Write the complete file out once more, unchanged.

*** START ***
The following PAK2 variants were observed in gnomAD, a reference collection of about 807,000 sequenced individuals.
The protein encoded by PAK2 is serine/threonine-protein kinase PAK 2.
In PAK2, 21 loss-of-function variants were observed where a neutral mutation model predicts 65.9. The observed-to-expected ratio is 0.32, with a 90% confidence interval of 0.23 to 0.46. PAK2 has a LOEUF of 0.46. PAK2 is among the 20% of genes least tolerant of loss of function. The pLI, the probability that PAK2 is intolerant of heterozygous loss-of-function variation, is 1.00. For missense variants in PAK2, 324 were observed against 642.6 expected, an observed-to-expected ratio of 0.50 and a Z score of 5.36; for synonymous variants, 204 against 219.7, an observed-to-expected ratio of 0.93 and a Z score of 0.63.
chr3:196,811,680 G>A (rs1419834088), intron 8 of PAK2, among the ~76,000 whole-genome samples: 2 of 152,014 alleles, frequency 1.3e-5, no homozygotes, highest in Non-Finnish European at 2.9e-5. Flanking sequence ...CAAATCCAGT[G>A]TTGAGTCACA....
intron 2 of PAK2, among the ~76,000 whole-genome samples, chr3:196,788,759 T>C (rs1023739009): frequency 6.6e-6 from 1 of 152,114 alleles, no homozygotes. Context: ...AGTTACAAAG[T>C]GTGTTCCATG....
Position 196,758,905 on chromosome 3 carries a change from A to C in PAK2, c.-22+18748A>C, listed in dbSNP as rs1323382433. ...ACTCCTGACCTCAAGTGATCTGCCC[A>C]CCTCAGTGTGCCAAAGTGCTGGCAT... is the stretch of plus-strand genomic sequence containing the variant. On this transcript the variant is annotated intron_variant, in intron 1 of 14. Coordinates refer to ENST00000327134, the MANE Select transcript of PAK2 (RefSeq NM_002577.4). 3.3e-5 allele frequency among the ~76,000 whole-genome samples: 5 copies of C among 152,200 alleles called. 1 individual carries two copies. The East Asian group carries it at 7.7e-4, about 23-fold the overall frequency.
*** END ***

The following PAK2 variants were observed in gnomAD, a reference collection of about 807,000 sequenced individuals.
The protein encoded by PAK2 is serine/threonine-protein kinase PAK 2.
In PAK2, 21 loss-of-function variants were observed where a neutral mutation model predicts 65.9. The observed-to-expected ratio is 0.32, with a 90% confidence interval of 0.23 to 0.46. PAK2 has a LOEUF of 0.46. PAK2 is among the 20% of genes least tolerant of loss of function. The pLI, the probability that PAK2 is intolerant of heterozygous loss-of-function variation, is 1.00. For missense variants in PAK2, 324 were observed against 642.6 expected, an observed-to-expected ratio of 0.50 and a Z score of 5.36; for synonymous variants, 204 against 219.7, an observed-to-expected ratio of 0.93 and a Z score of 0.63.
chr3:196,811,680 G>A (rs1419834088), intron 8 of PAK2, among the ~76,000 whole-genome samples: 2 of 152,014 alleles, frequency 1.3e-5, no homozygotes, highest in Non-Finnish European at 2.9e-5. Flanking sequence ...CAAATCCAGT[G>A]TTGAGTCACA....
intron 2 of PAK2, among the ~76,000 whole-genome samples, chr3:196,788,759 T>C (rs1023739009): frequency 6.6e-6 from 1 of 152,114 alleles, no homozygotes. Context: ...AGTTACAAAG[T>C]GTGTTCCATG....
Position 196,758,905 on chromosome 3 carries a change from A to C in PAK2, c.-22+18748A>C, listed in dbSNP as rs1323382433. ...ACTCCTGACCTCAAGTGATCTGCCC[A>C]CCTCAGTGTGCCAAAGTGCTGGCAT... is the stretch of plus-strand genomic sequence containing the variant. On this transcript the variant is annotated intron_variant, in intron 1 of 14. Coordinates refer to ENST00000327134, the MANE Select transcript of PAK2 (RefSeq NM_002577.4). 3.3e-5 allele frequency among the ~76,000 whole-genome samples: 5 copies of C among 152,200 alleles called. 1 individual carries two copies. The East Asian group carries it at 7.7e-4, about 23-fold the overall frequency.